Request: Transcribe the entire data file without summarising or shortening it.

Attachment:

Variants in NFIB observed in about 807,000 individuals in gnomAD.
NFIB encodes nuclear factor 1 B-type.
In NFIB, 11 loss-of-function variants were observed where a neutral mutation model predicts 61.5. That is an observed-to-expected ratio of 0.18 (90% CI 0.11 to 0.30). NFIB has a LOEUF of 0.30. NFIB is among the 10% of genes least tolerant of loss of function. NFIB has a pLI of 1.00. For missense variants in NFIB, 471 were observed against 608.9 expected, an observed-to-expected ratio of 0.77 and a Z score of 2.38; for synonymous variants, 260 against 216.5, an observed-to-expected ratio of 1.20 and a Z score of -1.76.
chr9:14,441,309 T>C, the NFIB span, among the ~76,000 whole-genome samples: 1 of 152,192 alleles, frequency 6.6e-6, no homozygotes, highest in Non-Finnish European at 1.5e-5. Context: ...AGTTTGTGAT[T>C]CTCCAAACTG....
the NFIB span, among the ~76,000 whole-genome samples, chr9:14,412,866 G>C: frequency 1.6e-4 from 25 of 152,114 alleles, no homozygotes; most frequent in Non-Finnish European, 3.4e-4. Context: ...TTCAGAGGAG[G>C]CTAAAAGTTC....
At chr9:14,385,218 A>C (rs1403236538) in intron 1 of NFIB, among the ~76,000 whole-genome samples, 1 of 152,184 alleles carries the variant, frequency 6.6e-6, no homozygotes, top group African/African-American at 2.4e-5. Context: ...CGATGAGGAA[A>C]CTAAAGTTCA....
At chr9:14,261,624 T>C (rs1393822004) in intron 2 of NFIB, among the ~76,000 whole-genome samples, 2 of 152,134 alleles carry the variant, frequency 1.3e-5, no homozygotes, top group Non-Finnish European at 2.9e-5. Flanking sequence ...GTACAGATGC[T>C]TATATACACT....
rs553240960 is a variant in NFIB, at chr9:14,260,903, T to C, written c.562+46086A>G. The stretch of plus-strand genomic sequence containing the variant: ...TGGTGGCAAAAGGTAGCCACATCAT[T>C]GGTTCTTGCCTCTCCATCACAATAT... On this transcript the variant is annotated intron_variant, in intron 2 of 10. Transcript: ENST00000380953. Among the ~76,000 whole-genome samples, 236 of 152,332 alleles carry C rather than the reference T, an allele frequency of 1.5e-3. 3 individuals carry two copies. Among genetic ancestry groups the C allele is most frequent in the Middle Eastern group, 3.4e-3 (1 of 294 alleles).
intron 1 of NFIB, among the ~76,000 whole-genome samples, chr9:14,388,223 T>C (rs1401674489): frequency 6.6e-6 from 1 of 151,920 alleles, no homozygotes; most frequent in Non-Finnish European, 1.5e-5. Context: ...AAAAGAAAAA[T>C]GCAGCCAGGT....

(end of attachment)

Variants in NFIB observed in about 807,000 individuals in gnomAD.
NFIB encodes nuclear factor 1 B-type.
In NFIB, 11 loss-of-function variants were observed where a neutral mutation model predicts 61.5. That is an observed-to-expected ratio of 0.18 (90% CI 0.11 to 0.30). NFIB has a LOEUF of 0.30. NFIB is among the 10% of genes least tolerant of loss of function. NFIB has a pLI of 1.00. For missense variants in NFIB, 471 were observed against 608.9 expected, an observed-to-expected ratio of 0.77 and a Z score of 2.38; for synonymous variants, 260 against 216.5, an observed-to-expected ratio of 1.20 and a Z score of -1.76.
chr9:14,441,309 T>C, the NFIB span, among the ~76,000 whole-genome samples: 1 of 152,192 alleles, frequency 6.6e-6, no homozygotes, highest in Non-Finnish European at 1.5e-5. Context: ...AGTTTGTGAT[T>C]CTCCAAACTG....
the NFIB span, among the ~76,000 whole-genome samples, chr9:14,412,866 G>C: frequency 1.6e-4 from 25 of 152,114 alleles, no homozygotes; most frequent in Non-Finnish European, 3.4e-4. Context: ...TTCAGAGGAG[G>C]CTAAAAGTTC....
At chr9:14,385,218 A>C (rs1403236538) in intron 1 of NFIB, among the ~76,000 whole-genome samples, 1 of 152,184 alleles carries the variant, frequency 6.6e-6, no homozygotes, top group African/African-American at 2.4e-5. Context: ...CGATGAGGAA[A>C]CTAAAGTTCA....
At chr9:14,261,624 T>C (rs1393822004) in intron 2 of NFIB, among the ~76,000 whole-genome samples, 2 of 152,134 alleles carry the variant, frequency 1.3e-5, no homozygotes, top group Non-Finnish European at 2.9e-5. Flanking sequence ...GTACAGATGC[T>C]TATATACACT....
rs553240960 is a variant in NFIB, at chr9:14,260,903, T to C, written c.562+46086A>G. The stretch of plus-strand genomic sequence containing the variant: ...TGGTGGCAAAAGGTAGCCACATCAT[T>C]GGTTCTTGCCTCTCCATCACAATAT... On this transcript the variant is annotated intron_variant, in intron 2 of 10. Transcript: ENST00000380953. Among the ~76,000 whole-genome samples, 236 of 152,332 alleles carry C rather than the reference T, an allele frequency of 1.5e-3. 3 individuals carry two copies. Among genetic ancestry groups the C allele is most frequent in the Middle Eastern group, 3.4e-3 (1 of 294 alleles).
intron 1 of NFIB, among the ~76,000 whole-genome samples, chr9:14,388,223 T>C (rs1401674489): frequency 6.6e-6 from 1 of 151,920 alleles, no homozygotes; most frequent in Non-Finnish European, 1.5e-5. Context: ...AAAAGAAAAA[T>C]GCAGCCAGGT....